The magi having received these instructions, departed by themselves under the guidance of the star, which had led them all the way from their own country, but had stood still, or disappeared, on their arrival in Judea. 9. When they had heard the king, they departed, and lo, the star which they saw in the east went before them, till it came and stood over where the young child was. 10. When they saw the star, they rejoiced with exceeding great joy. The disappearing of the star, or even its standing still, laid the strangers under a necessity of going to the capital for farther information, which the wisdom of God thus brought about, in order that their errand might be the better published. Accordingly, when that end was obtained, and they were departing from Jerusalem, the star appeared again, or began to move, going before them till it came to Bethlehem, where, to their exceeding joy, it stood over the house in which the new born king was lodged. They straightway entered, and falling down before him
* Ver. 8. That I may come and worship him also.] This profession of respect was mere dissimulation; Herod's intention, as afterwards appeared, being to kill the infant king, who he imagined was to be a temporal prince, and was to wrest the crown from him or his descendents. For he had no notion that the Messiah's empire was of a spiritual nature.-The wisdom and power of the divine Providence appeared conspicuously on this occasion in the preservation of Christ. Herod neither accompanied the magi in person, nor yet under pretence of doing honour to these learned strangers, did he send a guard to escort them, with secret orders to kill the child and his parents; but he acted a'together carek ssly in the affair, quite contrary to his known character. Perhaps he imagined that if he had gone in person, of sent a guard, it might have alarmed the Messiah's parents, and made them flee with their infant son to some distant region, where his power could not reach them.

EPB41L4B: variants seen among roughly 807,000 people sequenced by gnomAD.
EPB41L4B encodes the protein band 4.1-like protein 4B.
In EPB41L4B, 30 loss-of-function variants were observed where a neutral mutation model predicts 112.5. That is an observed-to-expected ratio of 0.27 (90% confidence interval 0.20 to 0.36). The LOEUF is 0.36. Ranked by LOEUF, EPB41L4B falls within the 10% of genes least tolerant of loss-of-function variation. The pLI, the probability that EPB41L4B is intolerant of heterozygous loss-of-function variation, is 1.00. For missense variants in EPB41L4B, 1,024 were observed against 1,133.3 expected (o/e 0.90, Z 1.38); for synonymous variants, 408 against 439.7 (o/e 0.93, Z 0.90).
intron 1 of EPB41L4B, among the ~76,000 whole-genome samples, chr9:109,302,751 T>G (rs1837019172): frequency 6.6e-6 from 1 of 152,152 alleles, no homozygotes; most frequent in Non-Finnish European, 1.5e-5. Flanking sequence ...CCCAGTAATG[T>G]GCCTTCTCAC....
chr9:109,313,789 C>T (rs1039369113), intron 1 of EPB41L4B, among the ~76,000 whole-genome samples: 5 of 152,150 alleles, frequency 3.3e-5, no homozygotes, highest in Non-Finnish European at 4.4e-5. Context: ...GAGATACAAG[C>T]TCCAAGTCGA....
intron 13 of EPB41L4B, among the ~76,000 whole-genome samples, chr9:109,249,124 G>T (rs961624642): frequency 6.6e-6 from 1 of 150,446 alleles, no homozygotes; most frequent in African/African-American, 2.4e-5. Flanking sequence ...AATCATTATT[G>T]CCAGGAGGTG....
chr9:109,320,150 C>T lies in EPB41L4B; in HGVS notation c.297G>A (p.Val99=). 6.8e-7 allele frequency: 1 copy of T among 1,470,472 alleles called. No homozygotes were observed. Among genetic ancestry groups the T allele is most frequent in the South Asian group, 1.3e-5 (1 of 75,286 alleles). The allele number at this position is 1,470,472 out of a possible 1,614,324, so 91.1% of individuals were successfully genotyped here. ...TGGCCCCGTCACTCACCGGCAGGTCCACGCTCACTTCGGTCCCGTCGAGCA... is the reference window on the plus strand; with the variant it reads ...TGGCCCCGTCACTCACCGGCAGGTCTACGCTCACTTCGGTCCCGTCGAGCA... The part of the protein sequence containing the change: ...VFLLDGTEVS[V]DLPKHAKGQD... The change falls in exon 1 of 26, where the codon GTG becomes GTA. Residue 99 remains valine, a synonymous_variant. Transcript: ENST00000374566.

with the most profound reverence, offered him gifts of considerable value; probably after having explained the occasion of their coming, as they had done before in Jerusalem. And at night, being warned by God in a dream not to go back to Herod, they returned into their own country by another way. 11. And when they were come into the house, they saw the young child with Mary his mother, and fell down prostrate on the ground, according to the custom of the east, and worshipped him: and when they had opened their treasures, they presented unto him gifts, geld, frankincense, and myrrh. 12. And being warned of God in a dream, that they should not return to Herod, they departed into their own country another way.
This visit which the magi, under the divine direction, made to the Son of God at his entrance into the world, answered several valuable purposes. 1. The principal thing was to shew succeeding generations what expectations of him were entertained at this very time among the Gentiles, and thereby to confirm in latest ages, the existence of those prophecies which had raised such a general hope in the breasts of mankind. 2. It is far from being absurd to suppose, that these philosophers, by the tidings which they carried home concerning the king of the Jews, might prepare their countrymen for becoming his subjects in due time. For if their report was remembered by the succeeding generation, it must have contributed not a little to their cheerful reception of the gospel when it was preached to them. 3. The coming of the magi occasioned the answer of the sanhedrim, wherein it was declared to be the unanimous opinion of the most learned Jewish doctors then living, that, by the designation of heaven, Bethlehem was to be the place of their Messiah's nativity. 4. The seasonable beneficence of those learned strangers, put Joseph in a condition to subsist his family in Egypt, whither he was soon to be sent from the wrath of the king t.
• Ver. 11. They presented unto him gifts ] The eastern people never came into the presence of their prince without offering him gifts, which generally were the choicest productions of their country. From the three sorts of things which ths wise men offered, it has been conjectured that they were three in number: but without the least foundation. And that they were kings is a notion equally unsupported. If they had been persons of this dignity, the Evangelists probably would have mentioned it; and Herod would have treated them with more ceremony.
The time of the coming of the magi has been much disputed by harmony-writers; some fixing it within the forty days of the purification, which Joseph and Mary passed at Bethlehem immediately after Christ's birth; others supposing that they did not come till he was more than a year old. Those who espouse the former opinion, think that the year of Herod's death, compared with our Lord's age at his baptism, (Luke iii. 23.) determines the coming of the magi to the period of the purification. But as this difficulty arises from a wrong sense of the passage quoted, nothing can be concluded from it. Luke does not say that Jesus began to be